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Model-To-Model Analysis

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Abstract

In recent years there has been an explosion of published literature utilising Multi-Agent-Based Simulation (MABS) to study social, biological and artificial systems. This kind of work is evidenced within JASSS but is increasingly becoming part of mainstream practice across many disciplines. However, despite this plethora of interesting models, they are rarely compared, built-on or transferred between researchers. It would seem there is a dearth of "model-to-model" analysis. Rather researchers tend to work in isolation, designing all their models from scratch and reporting their results without anyone else reproducing what they found. Although the opposite extreme, where all that seems to happen is the next twist on an existing model, is not to be wished for, there are considerable dangers if everybody only works on their own model. Part of the reason for this is that models tend to be very seductive – especially to the person who has built the model. What is needed is a third person to check the results. However it is not always clear how people who are not the modeller can interpret or utilise such results, because it is very difficult to replicate simulation models from what is reported in papers. It was for these reasons that we called on the MABS community to submit papers for a model-to-model (M2M) workshop. The aim of the workshop was to gather researchers in MABS who were interested in understanding and furthering the transferability of knowledge between models. We received fourteen submissions from which (after a process of peer review) eight were presented at the workshop. Of the six articles that comprise this special issue, five were presented at the workshop.

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File URL: http://jasss.soc.surrey.ac.uk/6/4/5.html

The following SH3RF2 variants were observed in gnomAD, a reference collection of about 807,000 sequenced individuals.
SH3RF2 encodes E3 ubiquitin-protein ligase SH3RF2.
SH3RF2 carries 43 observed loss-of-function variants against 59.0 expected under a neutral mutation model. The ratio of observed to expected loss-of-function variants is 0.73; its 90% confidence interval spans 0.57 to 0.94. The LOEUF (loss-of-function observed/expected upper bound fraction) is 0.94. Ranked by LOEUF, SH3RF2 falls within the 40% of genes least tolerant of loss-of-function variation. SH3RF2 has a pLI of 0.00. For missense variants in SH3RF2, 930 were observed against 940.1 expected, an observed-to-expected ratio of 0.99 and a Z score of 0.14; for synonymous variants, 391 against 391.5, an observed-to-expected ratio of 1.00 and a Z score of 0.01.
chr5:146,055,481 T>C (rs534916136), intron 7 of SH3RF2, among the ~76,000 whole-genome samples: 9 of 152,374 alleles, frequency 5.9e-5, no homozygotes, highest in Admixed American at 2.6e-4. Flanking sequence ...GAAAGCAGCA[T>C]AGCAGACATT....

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Bibliographic Info

Article provided by Journal of Artificial Societies and Social Simulation in its journal Journal of Artificial Societies and Social Simulation.

Volume (Year): 6 (2003)
Issue (Month): 4 ()
Pages: 5

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Handle: RePEc:jas:jasssj:2003-26-1

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Keywords: Comparison of models; simulation methodology; transferability of knowledge;

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Cited by:
  1. Martin Neumann, 2007. "Complexity of social stability: a model-to-model analysis of Yugoslavia's decline," Interdisciplinary Description of Complex Systems - scientific journal, Croatian Interdisciplinary Society Provider Homepage: http://indecs.eu, vol. 5(2), pages 92-111.
  2. İlker Yıldırım & Pınar Yolum, 2009. "Hybrid models for achieving and maintaining cooperative symbiotic groups," Mind and Society: Cognitive Studies in Economics and Social Sciences, Fondazione Rosselli, vol. 8(2), pages 243-258, December.
  3. Wersching, Klaus, 2010. "Schumpeterian competition, technological regimes and learning through knowledge spillover," Journal of Economic Behavior & Organization, Elsevier, vol. 75(3), pages 482-493, September.
  4. Claudio Cioffi-Revilla, 2010. "A Methodology for Complex Social Simulations," Journal of Artificial Societies and Social Simulation, Journal of Artificial Societies and Social Simulation, vol. 13(1), pages 7.
  5. Pierre Livet & Jean-Pierre Muller & Denis Phan & Lena Sanders, 2010. "Ontology, a Mediator for Agent-Based Modeling in Social Science," Journal of Artificial Societies and Social Simulation, Journal of Artificial Societies and Social Simulation, vol. 13(1), pages 3.
  6. J. Gary Polhill, 2010. "ODD Updated," Journal of Artificial Societies and Social Simulation, Journal of Artificial Societies and Social Simulation, vol. 13(4), pages 9.
  7. Denis Phan & Franck Varenne, 2010. "Agent-Based Models and Simulations in Economics and Social Sciences: From Conceptual Exploration to Distinct Ways of Experimenting," Journal of Artificial Societies and Social Simulation, Journal of Artificial Societies and Social Simulation, vol. 13(1), pages 5.
  8. Wolfgang Radax & Bernhard Rengs, 2010. "Prospects and Pitfalls of Statistical Testing: Insights from Replicating the Demographic Prisoner's Dilemma," Journal of Artificial Societies and Social Simulation, Journal of Artificial Societies and Social Simulation, vol. 13(4), pages 1.

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